Today I wanted to walk through the steps of creating a poem from the pages of an old book. The book I have been altering for quite some time now is “Prepatory German Reader”. I bought the book at the Trident book store on Pearl, in their $1 book cart. I loved the feel of the cover, the color of the pages, and the super cool german font. Although the majority of the book is in german the footnotes are often in English and can make great poems. I learned this technique in my Intro to Poetry class in college and really liked it. We had to make a poem like this for an assignment after researching the Poet Tom Phillips work, The HumamentThere are many ways to go about finding poems in old books, and a quick Google search will enlighten you the possibilities. However here is my process:

Step 1: Circle the words you want to turn into a poem. This is easier on some pages than others. For example the introduction and afterword were in all English so I found quite compelling poems. The page I am using for this post was less engaging but I made it work all the same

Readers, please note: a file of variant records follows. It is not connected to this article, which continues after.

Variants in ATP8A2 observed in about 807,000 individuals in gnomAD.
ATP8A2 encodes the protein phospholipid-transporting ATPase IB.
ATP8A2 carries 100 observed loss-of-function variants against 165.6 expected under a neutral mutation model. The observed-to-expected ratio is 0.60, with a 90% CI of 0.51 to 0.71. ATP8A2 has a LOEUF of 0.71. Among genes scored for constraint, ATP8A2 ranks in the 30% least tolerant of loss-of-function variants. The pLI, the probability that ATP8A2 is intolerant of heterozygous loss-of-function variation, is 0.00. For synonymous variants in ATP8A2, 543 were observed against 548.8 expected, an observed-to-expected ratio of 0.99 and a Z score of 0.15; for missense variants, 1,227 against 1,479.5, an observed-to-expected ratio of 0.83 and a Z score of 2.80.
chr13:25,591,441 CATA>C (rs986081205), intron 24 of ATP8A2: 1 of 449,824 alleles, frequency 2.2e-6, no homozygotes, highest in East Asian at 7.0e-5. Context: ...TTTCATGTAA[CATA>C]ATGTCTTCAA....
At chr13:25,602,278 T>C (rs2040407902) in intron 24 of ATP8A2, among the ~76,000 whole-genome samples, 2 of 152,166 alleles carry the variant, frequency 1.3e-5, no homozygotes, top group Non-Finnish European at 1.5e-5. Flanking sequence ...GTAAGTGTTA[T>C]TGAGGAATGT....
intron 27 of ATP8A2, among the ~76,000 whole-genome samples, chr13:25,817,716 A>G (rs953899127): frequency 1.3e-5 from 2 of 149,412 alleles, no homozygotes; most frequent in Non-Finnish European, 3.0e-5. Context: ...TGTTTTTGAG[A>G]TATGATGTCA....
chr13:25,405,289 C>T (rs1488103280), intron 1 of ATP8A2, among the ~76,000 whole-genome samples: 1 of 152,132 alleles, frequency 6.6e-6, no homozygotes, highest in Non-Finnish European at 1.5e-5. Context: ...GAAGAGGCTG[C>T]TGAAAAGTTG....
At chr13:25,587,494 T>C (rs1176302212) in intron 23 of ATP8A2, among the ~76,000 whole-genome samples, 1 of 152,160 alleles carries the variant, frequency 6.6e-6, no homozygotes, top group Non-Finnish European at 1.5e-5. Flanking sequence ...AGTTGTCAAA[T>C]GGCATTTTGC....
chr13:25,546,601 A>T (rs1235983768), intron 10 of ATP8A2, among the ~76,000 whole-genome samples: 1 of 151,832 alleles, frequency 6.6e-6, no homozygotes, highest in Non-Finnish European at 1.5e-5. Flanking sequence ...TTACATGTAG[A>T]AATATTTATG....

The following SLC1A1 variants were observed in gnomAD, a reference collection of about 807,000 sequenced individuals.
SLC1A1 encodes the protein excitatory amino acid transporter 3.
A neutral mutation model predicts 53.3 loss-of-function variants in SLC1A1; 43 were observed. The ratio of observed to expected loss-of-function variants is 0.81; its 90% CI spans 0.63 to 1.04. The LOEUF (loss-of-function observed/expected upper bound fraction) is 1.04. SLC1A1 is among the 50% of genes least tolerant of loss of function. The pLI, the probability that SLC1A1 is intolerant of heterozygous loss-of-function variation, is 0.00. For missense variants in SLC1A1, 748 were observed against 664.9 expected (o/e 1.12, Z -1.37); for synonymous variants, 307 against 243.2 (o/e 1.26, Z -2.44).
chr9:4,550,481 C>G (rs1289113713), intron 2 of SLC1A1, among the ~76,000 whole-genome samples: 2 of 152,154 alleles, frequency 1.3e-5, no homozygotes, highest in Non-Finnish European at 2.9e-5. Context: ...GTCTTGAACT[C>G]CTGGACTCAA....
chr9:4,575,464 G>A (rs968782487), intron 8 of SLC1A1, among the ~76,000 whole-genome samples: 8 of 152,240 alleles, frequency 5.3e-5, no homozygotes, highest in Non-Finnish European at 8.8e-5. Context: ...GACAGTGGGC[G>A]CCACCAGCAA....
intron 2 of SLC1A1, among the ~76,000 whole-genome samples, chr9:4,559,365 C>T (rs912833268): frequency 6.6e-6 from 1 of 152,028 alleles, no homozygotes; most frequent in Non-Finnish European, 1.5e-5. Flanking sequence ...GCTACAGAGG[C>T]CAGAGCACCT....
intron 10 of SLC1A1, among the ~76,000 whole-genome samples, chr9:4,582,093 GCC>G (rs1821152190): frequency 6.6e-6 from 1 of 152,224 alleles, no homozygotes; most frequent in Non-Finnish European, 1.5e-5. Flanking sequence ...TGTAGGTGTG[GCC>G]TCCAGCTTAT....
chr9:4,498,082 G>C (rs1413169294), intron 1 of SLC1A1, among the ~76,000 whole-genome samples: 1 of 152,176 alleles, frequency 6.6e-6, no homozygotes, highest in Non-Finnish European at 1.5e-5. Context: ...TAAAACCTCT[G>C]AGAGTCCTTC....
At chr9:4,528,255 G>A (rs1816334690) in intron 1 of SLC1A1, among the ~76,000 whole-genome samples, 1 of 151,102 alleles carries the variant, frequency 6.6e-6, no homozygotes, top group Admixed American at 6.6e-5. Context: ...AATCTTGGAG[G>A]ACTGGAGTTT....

Ancient Power Progression

Step 2: Ink the lines you have created. I decided I didn’t like how heavy the bottom of the page was so I circled some stuff around the page. Another charming feature of this book is the handwriting of the previous owner. I circled some of his/her writing and some numbers.

Ancient Power Progression-1

Step 3: Fill in the rest of the page. I have been really enjoying squiggle arts. They are so calming to create. I drew lines around the shapes created by my words until the page was filled. I ended up with something looking somewhat like a topographical map

Ancient Power Progression-2

Step 4: Color it in! I used Crayons. (The ones from the other day)
Ancient Power Progression-3 Ancient Power Progression-4 Ancient Power Progression-5

Step 5: Make final edits. I decided I really hated the little shape in the middle of the page and filled it in the pen I used earlier. I also decided to embellish the page with some of my own words to add meaning (or not). Finally I signed it.

Ancient Power Progression-6

The Poem Reads-

singing tribe
56 25 30
mythology of the air, the storms
powerful rivers
twelve tribes. race twelve goddesses.
ancient power
 

Keep a look out for more pages of my altered book “Prepatory German Reader.”  I would like to have it filled by January 2014. *Fingers Crossed*